Okra is the stepchild that has been snubbed for being slimy or needing to be fried to death to make it edible. In reality it is the comeback kid – gaining popularity among gardeners and farmers, chefs and food enthusiasts, health professionals, and heirloom enthusiasts.
Gardeners and farmers love it because it is easy to grow, a prolific producer, and exceptionally drought tolerant. Heirloom varieties that don’t grow too tall to harvest (4-6 feet and/or are open branched make harvesting easier. It is a plant with stature and beauty –large fan-shaped leaves and showy yellow blossoms. A row of okra can shade plants in the summer that may enjoy a break from the intense sun.
Chefs and food enthusiasts love okra because of the diverse colors, rich flavor, crisp texture, and use in a variety of dishes. Soups, stews, salads, creole, gumbo, casseroles, grilled, pickled, or fried are popular ways of utilizing okra in Southern dishes. Tomatoes, shellfish, and corn are popular foods to blend with okra.
Nutritionists and health professionals are coming to appreciate okra as a superfood. It helps lower blood sugar, reduces cholesterol, and prevents colorectal cancer. It is a good source of Vitamins B, C, and K, lutein, magnesium, folic acid, calcium, and potassium. Okra is low in calories and high in fiber helping digestion, reducing cravings, and promoting better glycemic control.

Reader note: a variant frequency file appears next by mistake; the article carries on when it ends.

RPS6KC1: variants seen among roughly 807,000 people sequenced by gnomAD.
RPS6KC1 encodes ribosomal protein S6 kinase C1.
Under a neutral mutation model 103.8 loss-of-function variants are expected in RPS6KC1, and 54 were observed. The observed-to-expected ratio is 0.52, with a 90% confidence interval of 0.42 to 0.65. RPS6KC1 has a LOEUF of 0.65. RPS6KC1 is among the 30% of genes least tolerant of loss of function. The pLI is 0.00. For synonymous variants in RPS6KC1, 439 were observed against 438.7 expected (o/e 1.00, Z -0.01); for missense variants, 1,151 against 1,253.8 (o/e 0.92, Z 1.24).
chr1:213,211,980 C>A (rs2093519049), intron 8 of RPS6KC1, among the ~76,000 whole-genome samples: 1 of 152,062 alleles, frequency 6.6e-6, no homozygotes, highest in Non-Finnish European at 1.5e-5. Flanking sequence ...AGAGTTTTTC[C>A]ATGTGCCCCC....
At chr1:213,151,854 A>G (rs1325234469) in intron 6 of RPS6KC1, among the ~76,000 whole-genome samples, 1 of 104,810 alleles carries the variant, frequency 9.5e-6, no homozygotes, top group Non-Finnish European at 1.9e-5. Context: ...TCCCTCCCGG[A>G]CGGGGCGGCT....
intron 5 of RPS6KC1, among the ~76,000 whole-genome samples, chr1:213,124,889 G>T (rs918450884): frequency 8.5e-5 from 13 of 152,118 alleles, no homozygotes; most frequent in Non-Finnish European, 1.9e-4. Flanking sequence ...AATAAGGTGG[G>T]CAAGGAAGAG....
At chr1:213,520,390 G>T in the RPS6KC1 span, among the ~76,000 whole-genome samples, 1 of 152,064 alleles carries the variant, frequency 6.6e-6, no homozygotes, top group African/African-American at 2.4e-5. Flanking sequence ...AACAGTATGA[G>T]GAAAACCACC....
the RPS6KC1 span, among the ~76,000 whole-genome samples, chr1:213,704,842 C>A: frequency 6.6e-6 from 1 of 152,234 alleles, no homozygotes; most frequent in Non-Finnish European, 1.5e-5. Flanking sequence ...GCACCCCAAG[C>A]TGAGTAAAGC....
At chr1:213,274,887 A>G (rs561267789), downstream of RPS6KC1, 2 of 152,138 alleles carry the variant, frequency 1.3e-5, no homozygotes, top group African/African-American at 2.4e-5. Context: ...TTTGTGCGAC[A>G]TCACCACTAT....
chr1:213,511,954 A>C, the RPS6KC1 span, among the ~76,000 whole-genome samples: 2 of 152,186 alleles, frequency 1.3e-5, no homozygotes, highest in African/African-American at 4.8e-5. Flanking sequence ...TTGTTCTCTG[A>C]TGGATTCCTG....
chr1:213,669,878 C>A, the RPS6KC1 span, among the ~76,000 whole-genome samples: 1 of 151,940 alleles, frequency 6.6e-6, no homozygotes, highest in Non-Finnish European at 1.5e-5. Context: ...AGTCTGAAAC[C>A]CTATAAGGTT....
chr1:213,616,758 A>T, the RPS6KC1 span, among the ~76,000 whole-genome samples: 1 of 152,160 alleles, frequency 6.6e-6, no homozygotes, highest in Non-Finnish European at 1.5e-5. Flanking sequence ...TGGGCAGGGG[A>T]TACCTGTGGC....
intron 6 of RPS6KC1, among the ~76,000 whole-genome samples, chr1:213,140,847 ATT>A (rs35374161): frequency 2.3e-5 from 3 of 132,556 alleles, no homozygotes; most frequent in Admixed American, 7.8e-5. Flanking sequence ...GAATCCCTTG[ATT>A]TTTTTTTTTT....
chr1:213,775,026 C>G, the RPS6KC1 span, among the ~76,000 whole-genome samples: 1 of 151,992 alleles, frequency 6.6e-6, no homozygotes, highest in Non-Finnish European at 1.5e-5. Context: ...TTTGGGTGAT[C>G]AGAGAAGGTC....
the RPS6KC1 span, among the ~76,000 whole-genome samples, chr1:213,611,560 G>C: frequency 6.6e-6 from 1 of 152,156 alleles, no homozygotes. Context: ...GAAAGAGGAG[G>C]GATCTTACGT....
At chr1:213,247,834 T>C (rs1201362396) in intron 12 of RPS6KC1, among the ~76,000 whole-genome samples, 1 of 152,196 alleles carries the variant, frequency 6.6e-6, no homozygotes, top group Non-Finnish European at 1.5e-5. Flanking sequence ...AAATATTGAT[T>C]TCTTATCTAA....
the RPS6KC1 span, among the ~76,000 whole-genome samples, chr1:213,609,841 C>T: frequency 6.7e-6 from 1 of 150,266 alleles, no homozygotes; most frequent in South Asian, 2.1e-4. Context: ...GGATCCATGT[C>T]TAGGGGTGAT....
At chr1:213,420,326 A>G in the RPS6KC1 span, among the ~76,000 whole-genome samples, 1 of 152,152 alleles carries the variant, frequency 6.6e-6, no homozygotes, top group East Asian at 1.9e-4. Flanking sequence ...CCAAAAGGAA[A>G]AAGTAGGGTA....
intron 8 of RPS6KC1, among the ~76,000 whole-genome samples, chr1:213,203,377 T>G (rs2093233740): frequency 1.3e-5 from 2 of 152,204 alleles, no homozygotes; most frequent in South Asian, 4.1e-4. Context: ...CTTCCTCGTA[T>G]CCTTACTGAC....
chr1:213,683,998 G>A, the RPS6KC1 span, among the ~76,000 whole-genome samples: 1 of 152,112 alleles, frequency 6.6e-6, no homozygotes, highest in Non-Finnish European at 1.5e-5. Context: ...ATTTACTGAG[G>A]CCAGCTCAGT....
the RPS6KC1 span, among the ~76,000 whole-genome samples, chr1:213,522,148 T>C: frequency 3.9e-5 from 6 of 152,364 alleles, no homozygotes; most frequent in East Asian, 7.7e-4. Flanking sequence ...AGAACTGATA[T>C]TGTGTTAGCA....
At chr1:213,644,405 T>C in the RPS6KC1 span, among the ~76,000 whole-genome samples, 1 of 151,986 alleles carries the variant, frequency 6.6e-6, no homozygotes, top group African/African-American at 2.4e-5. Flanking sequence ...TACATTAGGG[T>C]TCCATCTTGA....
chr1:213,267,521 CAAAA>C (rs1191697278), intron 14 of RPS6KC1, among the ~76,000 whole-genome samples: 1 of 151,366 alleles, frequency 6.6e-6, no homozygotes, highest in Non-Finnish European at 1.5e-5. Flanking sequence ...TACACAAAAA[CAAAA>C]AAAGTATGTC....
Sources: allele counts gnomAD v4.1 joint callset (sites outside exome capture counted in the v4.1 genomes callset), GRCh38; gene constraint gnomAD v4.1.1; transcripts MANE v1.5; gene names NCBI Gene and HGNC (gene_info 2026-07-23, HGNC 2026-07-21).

Okra has a rich history, and we favor heirloom varieties. An heirloom, according to Webster’s, is: “A valued family possession handed on from generation to generation.” It originated in Ethiopia and spread to West Africa, and thus, it is an important contribution to Southern cuisine from African Americans. It spread from Africa to Brazil and Latin America including the Caribbean and later to the American colonies. Heirlooms are bred true to type from year to year. The Kerr Center in Oklahoma tested a number of varieties, and we have selected some of the top performers:
“Burmese” growing 36 inches high with a high yield
“Evertender” 38 inches high with a very high yield and pods that are tender even when picked larger
“Bowling Red” 30 inches high with a high yield and red-tinged pod making it an attractive landscape plant
“Jade” 32 inches high and bright green leaves producing a very high yield
“Fife Creek Cowhorn” 33 inches high, pods are fat but tender and especially sweet
While heirlooms may be less uniform than hybrids, we like them for a number of reasons. They were passed down through the family because they taste good; they haven’t had the nutrition bred out of them to make them more marketable regarding appearance, shipping long distances, and longevity on the grocery shelf; long harvest season; and the lore about these family jewels connects us to the food we eat.
Lee’s okra salad was the prettiest (in my humble opinion) dish on a long table at last Sunday’s Newlin reunion. Check it out on the recipe page. It was colorful and exuded just-harvested freshness, tasted delicious and no gooey okra. You can prepare it for your next family gathering and share the news about the Southern heritage of our esteemed okra. -Larry